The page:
The Decline in NCCU Inter-County Chess
and How to Remedy It ?
Changes Over Time
Over the years, there have been various changes to inter-county chess which have reduced the number of games played each season by Yorkshire players in NCCU inter-county matches from 160+ to 108.
Prior to 1974, there were 6 counties in the NCCU, and each fielded a 16-to-20-board 1st team and a 16-to-20-board 2nd team against each other county. That meant each county played 160+ individual player-games.
After 1974, new “counties” came into existence. In the rest of the country, this local government reorganisation, less noticeable than in the North, was ignored for chess purposes, and the “old” counties continued as before.
In NCCU territory, five new “counties” came into being. One, Cumbria, was primarily a merger which the chess world had instituted back in 1958. The other four reassigned significant areas from some old counties to the new ones, so reducing those old ones in size. For chess purposes, the new Tyne & Wear County and the new Humberside County were ignored by the chess world, but the chess-players and/or organisers in the territory of the new Cleveland County and the new Merseyside County chose to form corresponding new county chess associations which were admitted into the NCCU despite the resultant loss of players for Durham, Yorkshire, Cheshire & North Wales and Lancashire.
The two largest counties losing players could easily sustain the losses, but the smaller ones, Durham and Cheshire, fared less well and have now long been absent from the inter-county match scene. Meanwhile, the two new counties which “stole” some of their players, Cleveland and Merseyside, have disengaged from inter-county chess. Thus Durham, Cleveland, Cheshire and Merseyside are areas of the Northern Counties where inter-county chess is not played.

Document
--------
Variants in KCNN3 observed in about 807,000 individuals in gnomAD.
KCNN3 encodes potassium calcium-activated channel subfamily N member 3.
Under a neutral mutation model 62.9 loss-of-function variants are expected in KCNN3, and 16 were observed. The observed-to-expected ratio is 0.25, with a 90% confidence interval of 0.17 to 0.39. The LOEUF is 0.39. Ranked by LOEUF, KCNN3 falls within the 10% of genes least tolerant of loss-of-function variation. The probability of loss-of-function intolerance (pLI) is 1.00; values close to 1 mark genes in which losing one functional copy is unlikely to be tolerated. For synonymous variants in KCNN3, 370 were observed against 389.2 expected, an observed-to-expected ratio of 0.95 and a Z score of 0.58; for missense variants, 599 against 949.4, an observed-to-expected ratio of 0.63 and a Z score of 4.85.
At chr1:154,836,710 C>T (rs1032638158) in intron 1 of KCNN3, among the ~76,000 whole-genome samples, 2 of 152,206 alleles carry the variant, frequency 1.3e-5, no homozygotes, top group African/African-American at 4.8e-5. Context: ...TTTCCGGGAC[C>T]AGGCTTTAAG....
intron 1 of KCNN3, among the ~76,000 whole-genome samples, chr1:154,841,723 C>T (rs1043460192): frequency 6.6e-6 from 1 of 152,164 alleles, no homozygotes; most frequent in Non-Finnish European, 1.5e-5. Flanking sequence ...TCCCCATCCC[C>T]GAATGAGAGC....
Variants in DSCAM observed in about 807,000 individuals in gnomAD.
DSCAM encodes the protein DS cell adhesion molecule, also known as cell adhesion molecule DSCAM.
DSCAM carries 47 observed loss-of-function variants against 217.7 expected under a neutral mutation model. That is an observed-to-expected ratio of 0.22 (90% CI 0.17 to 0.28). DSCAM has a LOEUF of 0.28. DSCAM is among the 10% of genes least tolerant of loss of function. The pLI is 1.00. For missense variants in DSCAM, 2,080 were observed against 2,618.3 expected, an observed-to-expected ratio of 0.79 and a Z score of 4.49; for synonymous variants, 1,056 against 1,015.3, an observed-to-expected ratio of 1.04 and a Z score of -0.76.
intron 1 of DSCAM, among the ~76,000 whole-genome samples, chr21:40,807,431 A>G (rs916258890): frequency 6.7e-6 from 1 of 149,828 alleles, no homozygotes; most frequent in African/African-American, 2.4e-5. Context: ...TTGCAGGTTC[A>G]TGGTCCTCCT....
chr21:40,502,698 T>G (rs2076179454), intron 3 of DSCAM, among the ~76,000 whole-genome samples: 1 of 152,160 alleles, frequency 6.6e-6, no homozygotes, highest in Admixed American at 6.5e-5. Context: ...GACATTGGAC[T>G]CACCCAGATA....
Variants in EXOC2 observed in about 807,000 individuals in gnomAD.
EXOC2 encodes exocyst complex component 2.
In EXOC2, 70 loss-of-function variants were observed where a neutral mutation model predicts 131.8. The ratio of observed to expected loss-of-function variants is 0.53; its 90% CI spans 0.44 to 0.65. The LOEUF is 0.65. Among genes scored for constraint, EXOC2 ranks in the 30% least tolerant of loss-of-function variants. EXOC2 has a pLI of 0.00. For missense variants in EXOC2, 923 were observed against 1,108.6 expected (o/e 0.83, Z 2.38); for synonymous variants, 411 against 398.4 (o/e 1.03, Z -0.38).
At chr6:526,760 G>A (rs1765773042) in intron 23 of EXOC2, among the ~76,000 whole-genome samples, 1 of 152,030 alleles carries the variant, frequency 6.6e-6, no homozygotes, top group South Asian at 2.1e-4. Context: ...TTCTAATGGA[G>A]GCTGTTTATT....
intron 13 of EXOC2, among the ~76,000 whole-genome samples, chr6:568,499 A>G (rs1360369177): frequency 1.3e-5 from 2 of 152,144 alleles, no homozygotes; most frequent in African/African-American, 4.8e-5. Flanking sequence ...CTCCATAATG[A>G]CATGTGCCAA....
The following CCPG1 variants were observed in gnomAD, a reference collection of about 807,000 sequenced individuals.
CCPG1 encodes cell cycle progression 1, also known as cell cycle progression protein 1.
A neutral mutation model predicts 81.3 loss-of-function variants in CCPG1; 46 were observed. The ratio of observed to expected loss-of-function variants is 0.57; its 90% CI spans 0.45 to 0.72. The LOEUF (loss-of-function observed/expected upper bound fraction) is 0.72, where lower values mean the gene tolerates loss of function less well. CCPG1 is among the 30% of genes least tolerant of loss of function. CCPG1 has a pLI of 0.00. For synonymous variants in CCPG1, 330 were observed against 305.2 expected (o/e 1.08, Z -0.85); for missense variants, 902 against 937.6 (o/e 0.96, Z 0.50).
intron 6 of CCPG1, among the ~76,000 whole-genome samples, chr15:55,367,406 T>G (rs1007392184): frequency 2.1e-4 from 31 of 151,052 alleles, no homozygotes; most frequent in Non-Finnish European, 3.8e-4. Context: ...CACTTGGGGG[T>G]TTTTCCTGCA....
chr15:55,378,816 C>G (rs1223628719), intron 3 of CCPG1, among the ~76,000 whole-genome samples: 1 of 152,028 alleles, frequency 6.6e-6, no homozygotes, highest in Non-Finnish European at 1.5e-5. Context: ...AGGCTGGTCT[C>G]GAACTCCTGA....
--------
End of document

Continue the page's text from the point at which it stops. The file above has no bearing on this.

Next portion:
Meanwhile, the minimum number of boards in NCCU matches fell from 16 (though 20 were frequently played) down to just 12.
The introduction of grade-limited categories enabled larger counties to field more than just two teams (the 1st and 2nd of old), so compensating to some extent for the reduction in the number of boards per match.
Part of the decline in inter-county chess will be attributable to the significant proliferation over time of weekend congresses. If you play in a county match then that is just one game in the weekend, but if you play in a weekend congress then you play probably five games, and sometimes even six. So, some players will have been drawn from county matches to congresses, and in more recent years the 4NCL.
Deleterious Effects of Changes
The net effect of all the changes from 1974 to the present has been to reduce the number of NCCU counties playing inter-county chess from 6 to 4 (with two of those 4 being now of reduced size), and to reduce the total number of individual games played in a season’s programme of matches from 480+ games to 108 (in 2021-22 which was more than in recent seasons). Meanwhile, the chess-players of Durham, Cleveland, Cheshire and Merseyside are largely being denied access to county chess (unless, say they have eligibility for another county).
There seem two ways to reverse the downward trend, at least partially, both probably impractical and both possibly inconceivable to the counties concerned, as follows.
The non-participating counties could be combined for the purposes of fielding county teams. Thus Cheshire and Merseyside could field combined teams, and similarly Durham and Cleveland could field combined teams. The counties involved would still possibly have difficulty finding captains, and a reasonable degree of cooperation between counties would need to be developed. This has been suggested in the past but nothing has materialised.